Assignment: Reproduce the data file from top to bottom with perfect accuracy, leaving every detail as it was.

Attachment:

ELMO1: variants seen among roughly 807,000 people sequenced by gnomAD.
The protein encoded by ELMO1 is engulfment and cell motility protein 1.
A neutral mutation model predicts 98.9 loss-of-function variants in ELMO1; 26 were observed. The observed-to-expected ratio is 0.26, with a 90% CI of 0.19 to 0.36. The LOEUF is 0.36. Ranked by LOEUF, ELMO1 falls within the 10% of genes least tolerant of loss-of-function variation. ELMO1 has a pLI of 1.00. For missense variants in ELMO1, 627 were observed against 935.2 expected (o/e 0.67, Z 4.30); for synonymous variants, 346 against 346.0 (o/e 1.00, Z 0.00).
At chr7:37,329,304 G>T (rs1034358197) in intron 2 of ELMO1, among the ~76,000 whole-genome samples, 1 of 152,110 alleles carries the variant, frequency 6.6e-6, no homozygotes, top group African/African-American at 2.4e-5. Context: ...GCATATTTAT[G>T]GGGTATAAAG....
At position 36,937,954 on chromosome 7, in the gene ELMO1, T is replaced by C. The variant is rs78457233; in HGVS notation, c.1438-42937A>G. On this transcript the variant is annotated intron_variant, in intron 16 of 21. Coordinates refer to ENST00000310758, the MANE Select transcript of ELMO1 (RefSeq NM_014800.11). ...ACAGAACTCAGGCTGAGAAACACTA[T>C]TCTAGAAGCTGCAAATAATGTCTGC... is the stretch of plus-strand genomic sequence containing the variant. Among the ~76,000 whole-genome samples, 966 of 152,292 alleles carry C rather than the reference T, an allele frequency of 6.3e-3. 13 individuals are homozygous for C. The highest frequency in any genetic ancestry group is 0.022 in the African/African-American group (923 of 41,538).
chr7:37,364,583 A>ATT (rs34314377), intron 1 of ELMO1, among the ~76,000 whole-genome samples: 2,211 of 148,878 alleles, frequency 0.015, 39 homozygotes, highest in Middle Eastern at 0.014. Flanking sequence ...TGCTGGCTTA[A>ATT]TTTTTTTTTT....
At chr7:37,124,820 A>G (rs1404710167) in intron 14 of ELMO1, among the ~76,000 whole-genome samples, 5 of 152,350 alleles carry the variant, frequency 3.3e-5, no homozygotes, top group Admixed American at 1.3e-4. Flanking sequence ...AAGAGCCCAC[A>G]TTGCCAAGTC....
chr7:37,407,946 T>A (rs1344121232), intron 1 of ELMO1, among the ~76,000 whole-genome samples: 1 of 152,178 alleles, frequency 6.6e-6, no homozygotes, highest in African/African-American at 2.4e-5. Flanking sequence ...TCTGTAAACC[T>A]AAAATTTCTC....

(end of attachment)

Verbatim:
ELMO1: variants seen among roughly 807,000 people sequenced by gnomAD.
The protein encoded by ELMO1 is engulfment and cell motility protein 1.
A neutral mutation model predicts 98.9 loss-of-function variants in ELMO1; 26 were observed. The observed-to-expected ratio is 0.26, with a 90% CI of 0.19 to 0.36. The LOEUF is 0.36. Ranked by LOEUF, ELMO1 falls within the 10% of genes least tolerant of loss-of-function variation. ELMO1 has a pLI of 1.00. For missense variants in ELMO1, 627 were observed against 935.2 expected (o/e 0.67, Z 4.30); for synonymous variants, 346 against 346.0 (o/e 1.00, Z 0.00).
At chr7:37,329,304 G>T (rs1034358197) in intron 2 of ELMO1, among the ~76,000 whole-genome samples, 1 of 152,110 alleles carries the variant, frequency 6.6e-6, no homozygotes, top group African/African-American at 2.4e-5. Context: ...GCATATTTAT[G>T]GGGTATAAAG....
At position 36,937,954 on chromosome 7, in the gene ELMO1, T is replaced by C. The variant is rs78457233; in HGVS notation, c.1438-42937A>G. On this transcript the variant is annotated intron_variant, in intron 16 of 21. Coordinates refer to ENST00000310758, the MANE Select transcript of ELMO1 (RefSeq NM_014800.11). ...ACAGAACTCAGGCTGAGAAACACTA[T>C]TCTAGAAGCTGCAAATAATGTCTGC... is the stretch of plus-strand genomic sequence containing the variant. Among the ~76,000 whole-genome samples, 966 of 152,292 alleles carry C rather than the reference T, an allele frequency of 6.3e-3. 13 individuals are homozygous for C. The highest frequency in any genetic ancestry group is 0.022 in the African/African-American group (923 of 41,538).
chr7:37,364,583 A>ATT (rs34314377), intron 1 of ELMO1, among the ~76,000 whole-genome samples: 2,211 of 148,878 alleles, frequency 0.015, 39 homozygotes, highest in Middle Eastern at 0.014. Flanking sequence ...TGCTGGCTTA[A>ATT]TTTTTTTTTT....
At chr7:37,124,820 A>G (rs1404710167) in intron 14 of ELMO1, among the ~76,000 whole-genome samples, 5 of 152,350 alleles carry the variant, frequency 3.3e-5, no homozygotes, top group Admixed American at 1.3e-4. Flanking sequence ...AAGAGCCCAC[A>G]TTGCCAAGTC....
chr7:37,407,946 T>A (rs1344121232), intron 1 of ELMO1, among the ~76,000 whole-genome samples: 1 of 152,178 alleles, frequency 6.6e-6, no homozygotes, highest in African/African-American at 2.4e-5. Flanking sequence ...TCTGTAAACC[T>A]AAAATTTCTC....